From the evidence, the jury could find that on January 1, 1962, Mrs. Joanna Rockwell was an elderly widow who resided in New London. She had $22,186.56 in a savings account in the New London Federal Savings and Loan Association, $7216.27 in another savings account in the Savings Bank of New London, and a checking account in another bank. She was pretty careful with her money. With her lived Mrs. Evelyn Hammond, who was hired as a companion and housekeeper by Mrs. Rockwell's grandchildren. Shortly after her employment started, Mrs. Hammond introduced her son-in-law, the defendant, to Mrs. Rockwell, and he began to help Mrs. Rockwell with her financial transactions. There developed a customary procedure whereby Mrs. Hammond would save or accumulate Mrs. Rockwell's bills; the defendant, who used to visit Mrs. Rockwell as often as two or three times a week, would fill out checks drawn on Mrs. Rockwell's checking account to pay these bills, Mrs. Hammond's salary and the rent; Mrs. Rockwell would then sign the checks and the defendant would mail them. Except for one or two exceptional occasions, Mrs. Rockwell always went to the bank with the defendant. The defendant would ordinarily take Mrs. Rockwell out to go to the bank on Tuesday or Friday of each week, and on these trips he would fill out forms for her signature and help her in making deposits to her checking account and in transferring funds from either of her savings accounts to her checking account. It was his custom to help Mrs. Rockwell into the bank, sit her on a little couch, go to a center table in the lobby, fill out a withdrawal form, take the form to her for her signature and then go himself with the passbook and withdrawal order to the teller's window to complete the transaction. Mrs. Rockwell was the only owner of each of the savings accounts. They were under her sole control, and under her contract of deposit with each institution she alone possessed the power to draw money from the accounts. To make a withdrawal, it was necessary for her to sign a withdrawal slip or order to pay money, and the bank or savings and loan association in each instance would make payment to anyone who presented such a withdrawal order duly signed by Mrs. Rockwell, together with her passbook for the account involved. On several occasions during this period, the defendant would have Mrs. Rockwell give him possession of the appropriate passbook and sign a withdrawal order, which he would personally present to a teller from whom he would receive payment for Mrs. Rockwell from the savings account involved.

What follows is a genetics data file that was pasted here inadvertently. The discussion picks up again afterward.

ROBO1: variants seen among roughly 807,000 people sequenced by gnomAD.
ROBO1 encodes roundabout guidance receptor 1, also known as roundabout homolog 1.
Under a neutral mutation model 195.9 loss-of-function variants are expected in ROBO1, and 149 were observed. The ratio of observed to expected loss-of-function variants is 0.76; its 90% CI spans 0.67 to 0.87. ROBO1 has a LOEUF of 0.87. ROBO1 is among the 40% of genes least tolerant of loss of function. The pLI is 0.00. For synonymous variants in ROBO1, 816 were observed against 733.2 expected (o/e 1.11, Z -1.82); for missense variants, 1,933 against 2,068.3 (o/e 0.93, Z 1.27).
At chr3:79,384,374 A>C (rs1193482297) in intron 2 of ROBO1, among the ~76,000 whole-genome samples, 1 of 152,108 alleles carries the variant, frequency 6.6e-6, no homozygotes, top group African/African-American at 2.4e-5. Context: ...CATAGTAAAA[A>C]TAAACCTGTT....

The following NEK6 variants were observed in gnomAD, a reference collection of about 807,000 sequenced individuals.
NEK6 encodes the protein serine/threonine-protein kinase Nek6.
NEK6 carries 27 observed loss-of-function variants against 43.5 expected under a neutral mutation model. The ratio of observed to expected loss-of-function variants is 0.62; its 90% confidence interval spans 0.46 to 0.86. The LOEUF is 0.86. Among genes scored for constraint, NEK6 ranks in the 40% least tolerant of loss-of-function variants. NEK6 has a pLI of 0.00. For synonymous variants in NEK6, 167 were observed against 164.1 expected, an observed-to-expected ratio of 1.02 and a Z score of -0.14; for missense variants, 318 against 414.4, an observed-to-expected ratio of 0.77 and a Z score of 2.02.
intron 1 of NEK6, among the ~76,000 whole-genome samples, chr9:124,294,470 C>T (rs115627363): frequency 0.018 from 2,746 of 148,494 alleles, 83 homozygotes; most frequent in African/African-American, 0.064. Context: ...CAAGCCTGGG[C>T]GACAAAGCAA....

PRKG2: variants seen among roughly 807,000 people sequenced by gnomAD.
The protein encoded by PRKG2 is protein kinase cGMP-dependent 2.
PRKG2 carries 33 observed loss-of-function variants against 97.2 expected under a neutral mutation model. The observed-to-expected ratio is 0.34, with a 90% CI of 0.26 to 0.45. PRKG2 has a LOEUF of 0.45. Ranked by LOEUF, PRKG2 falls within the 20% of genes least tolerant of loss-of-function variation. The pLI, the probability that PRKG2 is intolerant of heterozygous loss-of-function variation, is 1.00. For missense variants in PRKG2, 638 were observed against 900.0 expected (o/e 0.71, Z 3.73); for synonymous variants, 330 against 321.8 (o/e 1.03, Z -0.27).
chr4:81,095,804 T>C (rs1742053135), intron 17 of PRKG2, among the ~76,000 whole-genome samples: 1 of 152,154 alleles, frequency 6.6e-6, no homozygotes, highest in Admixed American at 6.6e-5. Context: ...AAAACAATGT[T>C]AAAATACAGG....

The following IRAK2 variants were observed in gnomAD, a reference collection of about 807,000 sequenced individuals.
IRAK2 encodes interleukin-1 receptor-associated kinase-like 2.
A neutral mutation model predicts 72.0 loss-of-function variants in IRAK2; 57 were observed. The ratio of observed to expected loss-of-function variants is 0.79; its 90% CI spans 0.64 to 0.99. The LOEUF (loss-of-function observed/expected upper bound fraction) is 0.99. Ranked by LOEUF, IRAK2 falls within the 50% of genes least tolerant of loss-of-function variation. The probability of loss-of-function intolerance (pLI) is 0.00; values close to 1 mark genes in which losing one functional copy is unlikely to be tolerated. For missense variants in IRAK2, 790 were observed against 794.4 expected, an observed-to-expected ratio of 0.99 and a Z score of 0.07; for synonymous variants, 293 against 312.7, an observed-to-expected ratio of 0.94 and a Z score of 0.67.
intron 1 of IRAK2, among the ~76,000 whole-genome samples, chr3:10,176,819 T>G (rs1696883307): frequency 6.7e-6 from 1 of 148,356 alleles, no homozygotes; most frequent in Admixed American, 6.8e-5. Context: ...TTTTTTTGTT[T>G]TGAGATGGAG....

On June 4, 1962, the defendant took Mrs. Rockwell to the office of the New London Federal Savings and Loan Association in New London where he filled out and obtained her signature to a withdrawal order for $400 payable in cash and to a withdrawal order directing payment of $8000 to him by check from her savings account. He then presented the orders to a teller, together with Mrs. Rockwell's passbook, and received the cash for Mrs. Rockwell and a check payable to himself for $8000 which he, on the same day, deposited to his personal account in a bank in Norwich. Again, on August 27, 1962, he followed the same procedure, and there was a cash withdrawal of $150 and a separate withdrawal by check to his order for $13,000, which he again, on the same day, deposited to his same account in Norwich. Between November 30, 1962, and August 26, 1963, nine other withdrawal slips involving Mrs. Rockwell's account were presented to the savings bank, each signed by Mrs. Rockwell, and in each case the defendant received the money. The subsequent disposition of these withdrawals is not disclosed by the record. On January 7, 1963, $188.49, the balance then remaining in the savings and loan account, was withdrawn pursuant to a withdrawal order, signed by Mrs. Rockwell, directing that the check be made payable to, her. The check issued for this withdrawal bears both her endorsement and that of the defendant.
In August, 1963, Mrs. Rockwell left New London to reside in Stamford. Her two grandchildren discovered that she no longer had possession of the savings and loan passbook, and her grandson called the defendant to inquire about the disappearance of the passbook for this account. The defendant replied that this account had been used up some time ago, but the only explanation he offered for this was that Mrs. Rockwell had given some of it away to the Jehovah's witnesses and to others. The defendant did not testify, and the record contains no other explanation whatsoever by the defendant for the transfer of the $21,000 from Mrs. Rockwell's savings account to his own account. Mrs. Rockwell testified that on no occasion did she ever give any money whatsoever to the defendant, nor did she ever loan him any money.